KSG: End of Walt's Term 'Completely Unrelated' To Uproar Over Israel Remarks

Academic dean to step down in June, but will remain a tenured professor

Kennedy School of Government Academic Dean Stephen M. Walt—who is facing criticism from some colleagues after co-authoring a paper assailing the United States’ pro-Israel policies—will step down from his administrative post this June, but school officials say that his move was long-planned and is not related to the controversy sparked by Walt’s paper.

Walt will remain a tenured professor at the Kennedy School, but the announcement that he will leave the position of academic dean means that Walt will no longer be in charge of the school’s teaching and research at a time when his own scholarship is under attack.

Kennedy School Dean David T. Ellwood ’75 said in a statement that Walt “had been due to depart last June after the normal three-year cycle, but had agreed, at my request, to stay on for one more year.”

“His departure is completely unrelated to the current discussion surrounding the article he co-authored with John Mearsheimer,” Ellwood said in the statement.

Ellwood said that he sent an e-mail to Kennedy School faculty members on Feb. 21—before the uproar over the article—informing them that Walt would end his term as academic dean in June. Ellwood said he also asked professors for recommendations regarding the search for the next academic dean.

When asked to provide the Feb. 21 e-mail to The Crimson, Kennedy School spokeswoman Melodie Jackson declined to do so.

Walt and Mearsheimer, a professor of political science at the University of Chicago, argue in their paper that “unquestioned support” for Israel does not serve U.S. strategic objectives and fosters anti-American sentiment in the Arab world and beyond. The paper was posted on the Kennedy School’s website last month, and an abridged version of it was published in the London Review of Books.

They professors argue that the “Israel Lobby”—a “loose coalition of individuals and organizations” including national Jewish leaders, Christian evangelicals like Jerry Falwell and Pat Robertson, Republican congressmen, and columnists for the Wall Street Journal and the Washington Post—has pushed the U.S. to adopt excessively pro-Israel stances.

Rep. Jerold Nadler, D-N.Y., blasted the paper as a “dishonest piece of crap” in an interview with The New York Sun, and Rep. Eliot Engel, D-N.Y., called the paper “anti-Semitic and anti-Zionist drivel.” Harvard’s Frankfurter professor of law, Alan M. Dershowitz, told The Crimson that Walt and Mearsheimer are “liars” and “bigots.”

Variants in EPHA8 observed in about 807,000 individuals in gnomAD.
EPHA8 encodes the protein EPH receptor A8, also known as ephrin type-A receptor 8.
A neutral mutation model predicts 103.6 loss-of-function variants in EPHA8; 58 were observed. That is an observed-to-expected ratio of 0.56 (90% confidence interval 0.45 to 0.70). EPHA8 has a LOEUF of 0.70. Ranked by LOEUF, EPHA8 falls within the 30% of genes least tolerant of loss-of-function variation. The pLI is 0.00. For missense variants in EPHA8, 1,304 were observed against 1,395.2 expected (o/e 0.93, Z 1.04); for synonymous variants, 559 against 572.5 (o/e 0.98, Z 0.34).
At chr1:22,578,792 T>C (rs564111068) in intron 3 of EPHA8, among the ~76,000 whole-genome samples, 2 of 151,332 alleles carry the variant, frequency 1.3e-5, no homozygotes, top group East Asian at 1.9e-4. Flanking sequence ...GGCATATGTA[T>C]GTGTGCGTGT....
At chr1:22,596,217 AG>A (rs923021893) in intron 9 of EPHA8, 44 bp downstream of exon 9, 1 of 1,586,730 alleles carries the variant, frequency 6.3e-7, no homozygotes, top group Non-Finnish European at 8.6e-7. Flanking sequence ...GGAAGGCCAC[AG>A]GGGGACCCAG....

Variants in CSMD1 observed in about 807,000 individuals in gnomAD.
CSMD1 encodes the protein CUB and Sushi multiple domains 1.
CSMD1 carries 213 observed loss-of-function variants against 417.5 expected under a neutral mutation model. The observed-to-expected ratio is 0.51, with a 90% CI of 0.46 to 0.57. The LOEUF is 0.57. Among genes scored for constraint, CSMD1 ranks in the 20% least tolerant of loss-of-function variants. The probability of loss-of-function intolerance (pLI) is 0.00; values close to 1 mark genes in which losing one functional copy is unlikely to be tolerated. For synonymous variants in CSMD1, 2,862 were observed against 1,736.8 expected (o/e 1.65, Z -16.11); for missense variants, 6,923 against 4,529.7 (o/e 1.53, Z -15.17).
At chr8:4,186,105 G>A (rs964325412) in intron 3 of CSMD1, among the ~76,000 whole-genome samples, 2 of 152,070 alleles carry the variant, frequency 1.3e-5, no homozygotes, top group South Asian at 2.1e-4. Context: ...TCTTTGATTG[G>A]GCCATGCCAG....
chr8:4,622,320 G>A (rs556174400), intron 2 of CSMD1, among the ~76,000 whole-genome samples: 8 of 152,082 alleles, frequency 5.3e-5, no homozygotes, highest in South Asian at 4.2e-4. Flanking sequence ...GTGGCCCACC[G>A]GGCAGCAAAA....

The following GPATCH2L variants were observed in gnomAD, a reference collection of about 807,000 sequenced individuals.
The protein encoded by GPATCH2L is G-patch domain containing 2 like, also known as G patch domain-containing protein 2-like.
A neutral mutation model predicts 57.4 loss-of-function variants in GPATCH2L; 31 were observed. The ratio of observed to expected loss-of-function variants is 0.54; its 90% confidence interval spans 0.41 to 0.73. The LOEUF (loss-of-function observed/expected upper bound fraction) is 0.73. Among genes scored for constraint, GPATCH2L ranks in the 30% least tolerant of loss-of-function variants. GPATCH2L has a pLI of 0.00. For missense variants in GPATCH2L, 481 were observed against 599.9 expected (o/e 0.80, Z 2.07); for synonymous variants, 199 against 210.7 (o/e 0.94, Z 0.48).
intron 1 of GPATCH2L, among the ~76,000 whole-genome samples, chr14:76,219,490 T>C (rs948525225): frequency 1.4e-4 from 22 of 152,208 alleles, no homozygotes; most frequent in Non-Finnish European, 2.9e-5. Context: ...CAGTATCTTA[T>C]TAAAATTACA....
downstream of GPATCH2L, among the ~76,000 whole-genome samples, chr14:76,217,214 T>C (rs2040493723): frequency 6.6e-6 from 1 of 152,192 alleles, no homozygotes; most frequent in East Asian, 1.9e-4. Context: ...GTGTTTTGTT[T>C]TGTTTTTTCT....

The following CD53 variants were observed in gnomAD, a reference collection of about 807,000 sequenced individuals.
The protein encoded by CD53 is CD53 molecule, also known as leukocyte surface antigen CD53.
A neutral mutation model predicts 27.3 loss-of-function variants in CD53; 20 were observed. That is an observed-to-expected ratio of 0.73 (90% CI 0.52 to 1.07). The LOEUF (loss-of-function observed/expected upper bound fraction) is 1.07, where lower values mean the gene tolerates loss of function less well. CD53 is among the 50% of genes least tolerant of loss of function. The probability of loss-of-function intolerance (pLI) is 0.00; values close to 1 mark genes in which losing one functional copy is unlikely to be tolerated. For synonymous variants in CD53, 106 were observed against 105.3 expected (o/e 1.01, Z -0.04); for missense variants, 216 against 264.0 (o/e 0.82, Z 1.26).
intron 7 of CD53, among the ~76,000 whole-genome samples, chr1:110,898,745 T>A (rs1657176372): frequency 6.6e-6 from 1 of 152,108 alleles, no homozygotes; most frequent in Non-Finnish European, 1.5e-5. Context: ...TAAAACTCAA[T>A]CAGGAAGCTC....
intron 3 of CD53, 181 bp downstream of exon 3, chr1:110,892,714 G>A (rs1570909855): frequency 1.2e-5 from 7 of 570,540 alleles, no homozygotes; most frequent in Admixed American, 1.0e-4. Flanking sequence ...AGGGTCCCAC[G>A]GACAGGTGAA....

Dershowitz, who publicly challenged Walt and Mearsheimer to a debate last week, said that Mearsheimer had been scheduled to debate him on the BBC at 10:30 p.m Eastern time Thursday. But Dershowitz said that he received a call at 10:35 p.m. saying that Mearsheimer had cancelled the debate.

In a statement to The Crimson, Dershowitz said that Mearsheimer and Walt “make outrageous and unsupportable claims; they invoke academic freedom in the marketplace of ideas, but then they refuse to participate in the marketplace of ideas by declining reasonable debate about their position.”

“I renew my challenge to debate either or both of them at the Kennedy School,” Dershowitz added.

Mearsheimer and Walt did not return phone calls to their offices seeking comment this past week.

Dershowitz is preparing a rebuttal to the Mearsheimer and Walt article that will be posted on the Kennedy School’s website. The Boston Globe first reported Friday that Ellwood would amend the rules of the school’s “working paper” series to allow for rebuttals by other full-time Harvard faculty members.

Walt’s term as academic dean will be one year shorter than that of his predecessor, Frederick Schauer, who held the post from 1997 to 2002.

Though Ellwood’s statement made reference to a “normal three-year cycle” of academic deans, three-year terms have not been the norm for administrators who have held that post in recent years.

Ellwood himself held the post for a year before joining the Clinton administration in 1993, and he returned to the school in 1995 to serve a two-year term as academic dean. Alan A. Altshuler held the post for two years during Ellwood’s absence. And before that, Albert Carnesale was the school’s academic dean for a decade.

—Staff writer Paras D. Bhayani can be reached at pbhayani@fas.harvard.edu.